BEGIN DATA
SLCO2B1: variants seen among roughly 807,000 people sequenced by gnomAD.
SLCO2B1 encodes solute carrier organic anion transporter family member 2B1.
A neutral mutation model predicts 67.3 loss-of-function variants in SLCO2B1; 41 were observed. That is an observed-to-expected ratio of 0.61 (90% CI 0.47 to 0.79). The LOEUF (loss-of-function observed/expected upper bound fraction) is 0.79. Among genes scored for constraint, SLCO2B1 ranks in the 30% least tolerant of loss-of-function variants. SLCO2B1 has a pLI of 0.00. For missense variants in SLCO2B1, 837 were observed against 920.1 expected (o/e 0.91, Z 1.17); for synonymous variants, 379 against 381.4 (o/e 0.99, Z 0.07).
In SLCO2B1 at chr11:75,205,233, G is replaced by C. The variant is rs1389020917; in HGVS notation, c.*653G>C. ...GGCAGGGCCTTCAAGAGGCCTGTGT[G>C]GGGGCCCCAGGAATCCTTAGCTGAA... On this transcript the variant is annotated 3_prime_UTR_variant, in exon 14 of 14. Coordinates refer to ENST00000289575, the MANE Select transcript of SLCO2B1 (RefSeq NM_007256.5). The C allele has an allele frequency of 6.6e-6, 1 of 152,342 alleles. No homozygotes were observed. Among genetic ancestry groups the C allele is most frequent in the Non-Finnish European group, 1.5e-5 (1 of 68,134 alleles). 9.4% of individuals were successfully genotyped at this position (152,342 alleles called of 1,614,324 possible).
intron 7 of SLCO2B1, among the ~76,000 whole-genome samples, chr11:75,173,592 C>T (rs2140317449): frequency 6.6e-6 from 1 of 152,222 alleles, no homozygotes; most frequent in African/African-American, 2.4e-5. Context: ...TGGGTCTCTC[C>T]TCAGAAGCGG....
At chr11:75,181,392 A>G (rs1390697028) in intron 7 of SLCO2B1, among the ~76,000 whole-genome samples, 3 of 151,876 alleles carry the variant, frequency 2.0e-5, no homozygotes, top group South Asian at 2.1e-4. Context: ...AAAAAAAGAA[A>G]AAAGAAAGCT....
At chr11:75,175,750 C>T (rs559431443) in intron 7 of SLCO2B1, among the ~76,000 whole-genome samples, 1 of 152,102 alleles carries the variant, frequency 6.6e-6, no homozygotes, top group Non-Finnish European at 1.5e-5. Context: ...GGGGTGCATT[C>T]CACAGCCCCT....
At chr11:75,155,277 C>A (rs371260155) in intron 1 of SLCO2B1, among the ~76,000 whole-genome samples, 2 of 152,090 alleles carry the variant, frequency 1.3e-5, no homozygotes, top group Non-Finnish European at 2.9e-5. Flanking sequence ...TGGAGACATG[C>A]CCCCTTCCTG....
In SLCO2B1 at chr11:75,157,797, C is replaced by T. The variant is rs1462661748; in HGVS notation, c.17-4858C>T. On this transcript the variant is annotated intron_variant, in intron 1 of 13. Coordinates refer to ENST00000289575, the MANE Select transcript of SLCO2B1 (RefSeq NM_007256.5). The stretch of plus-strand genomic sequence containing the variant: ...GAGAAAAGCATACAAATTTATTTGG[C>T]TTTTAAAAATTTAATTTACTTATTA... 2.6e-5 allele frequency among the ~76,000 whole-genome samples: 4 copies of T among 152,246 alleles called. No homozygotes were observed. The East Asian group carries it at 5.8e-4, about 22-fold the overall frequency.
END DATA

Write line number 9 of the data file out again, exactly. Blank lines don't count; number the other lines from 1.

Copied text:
In SLCO2B1 at chr11:75,157,797, C is replaced by T. The variant is rs1462661748; in HGVS notation, c.17-4858C>T. On this transcript the variant is annotated intron_variant, in intron 1 of 13. Coordinates refer to ENST00000289575, the MANE Select transcript of SLCO2B1 (RefSeq NM_007256.5). The stretch of plus-strand genomic sequence containing the variant: ...GAGAAAAGCATACAAATTTATTTGG[C>T]TTTTAAAAATTTAATTTACTTATTA... 2.6e-5 allele frequency among the ~76,000 whole-genome samples: 4 copies of T among 152,246 alleles called. No homozygotes were observed. The East Asian group carries it at 5.8e-4, about 22-fold the overall frequency.